More employers, universities and commercial companies are using telephone interviewing as a way of filtering out large numbers of applicants. This is not usually instead of a formal interview but a previous stage to it, where perhaps hundreds of applicants are reduced to 10 or so. Although many of the same principals apply to telephone interviewing as formal face to face interviewing there are also some particular problems associated with telephone interviewing. This article will explore some of those and tell you how to improve your chances of getting through that stage of selection.
Purpose of telephone interviewing
It is important to remember that usually a telephone interview will not be the last stage in the interview process so employers are looking for a very quick first impression of whether you will fit into their team and whether you have prepared well by researching their company or university. Being able to sound knowledgeable and prepared is vital but equally do not feel you have to go into great depth at this stage. Employers will be looking to reduce their pool of candidates drastically so they may include some unusual questions in a telephone interview designed to show how adaptable and quick witted you are. The telephone interview will usually not last too long, often less than half an hour so do not prepare long answers full of complex information that you want to convey.
How to prepare?
Be ready to talk about why you want to work for that company and what you can offer to them, as you would for a face to face interview. It is important to be able to convey information clearly and succinctly. Rehearse speaking slowly and making your points quickly. You will not have to go into a lot of detail about your past experience and skills but make sure you know what the employers are looking for and how you fit the criteria.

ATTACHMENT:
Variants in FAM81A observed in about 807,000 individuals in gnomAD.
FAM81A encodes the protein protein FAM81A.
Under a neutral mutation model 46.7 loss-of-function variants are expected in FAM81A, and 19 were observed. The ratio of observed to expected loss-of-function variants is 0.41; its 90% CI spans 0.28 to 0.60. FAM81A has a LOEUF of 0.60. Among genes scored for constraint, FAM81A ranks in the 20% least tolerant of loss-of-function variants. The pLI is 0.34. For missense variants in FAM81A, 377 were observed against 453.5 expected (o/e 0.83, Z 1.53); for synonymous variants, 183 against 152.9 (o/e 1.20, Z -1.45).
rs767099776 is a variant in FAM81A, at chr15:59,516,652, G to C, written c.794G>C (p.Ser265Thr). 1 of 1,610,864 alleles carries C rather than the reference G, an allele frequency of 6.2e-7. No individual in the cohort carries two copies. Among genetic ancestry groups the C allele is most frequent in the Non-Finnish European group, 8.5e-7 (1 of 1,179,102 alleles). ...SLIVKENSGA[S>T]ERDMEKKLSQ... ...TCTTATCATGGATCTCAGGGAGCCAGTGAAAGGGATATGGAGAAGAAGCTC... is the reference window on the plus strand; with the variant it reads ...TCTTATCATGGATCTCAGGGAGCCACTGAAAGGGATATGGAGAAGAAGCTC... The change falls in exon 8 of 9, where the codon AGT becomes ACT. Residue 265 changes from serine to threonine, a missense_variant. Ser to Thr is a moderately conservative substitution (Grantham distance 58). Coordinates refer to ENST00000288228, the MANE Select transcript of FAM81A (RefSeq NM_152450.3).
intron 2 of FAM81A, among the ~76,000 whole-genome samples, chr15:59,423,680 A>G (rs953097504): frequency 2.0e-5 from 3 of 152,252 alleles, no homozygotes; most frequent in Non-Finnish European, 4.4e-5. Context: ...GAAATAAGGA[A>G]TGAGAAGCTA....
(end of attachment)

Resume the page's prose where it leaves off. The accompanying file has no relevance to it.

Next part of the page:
How to get your message across?
Try to speak naturally; it is tempting when doing a telephone interview to speak from notes but the danger here is that you answer a different question to that which has been asked. Also reading from a pre-prepared script can sound unnatural and stilted. Even if you say more ‘ums' and ‘ahs' without notes this will come across better than if you read from notes.
It sounds strange but many people dress up to do a telephone interview. Of course no one would know if you where your pyjamas to take the interview call (unless you are being video conferenced) but dressing smartly can help you to psychologically prepare for your interview making you concentrate and feel fully alert.
It is vital to cultivate a good telephone voice. Remember the sound of your voice is the only thing that interviewers have to go on. Normally they would respond to all sorts of visual queues in a face to face interview situation. When you are speaking to someone who is in front of you they read messages sent by your facial expressions that make your message easier to understand. Without that it can be harder to convey complex information so speak slowly and clearly and do not waffle round the point. Even if the job does not involve telephone work itself, a telephone interview is a great test of the skill of oral communication and if you are unable to make yourself understood clearly then you will struggle in many workplaces.
There is a particular set of problems that can occur when doing a telephone interview and most of these involve technical problems of some sort. The employers will often be broadcasting the interview on a speaker phone with conferencing facilities enabled and this can cause strange echoes and delays on the line.
There may be quite a few people involved in your interview at the other end and it can be difficult to work out who is speaking to you. Try to allow time for each person to finish speaking; don't be tempted to interrupt them.
If you haven't been able to hear something that has been said then say so, don't try to guess what was said, you might get it disastrously wrong! If the equipment malfunctions completely then you may have to ask them to call back.
In case of problems your end it's best to use a landline for telephone interviewing, asking them to call a mobile can lead to problems with batteries and signal. And of course make sure that your phone line is clear at the appointed time for your interview. If there's a risk that someone else in your household could be using the phone then arrange for another line to be used. It's important to take the call in a quiet undisturbed environment away from the distractions of family or outside noise.
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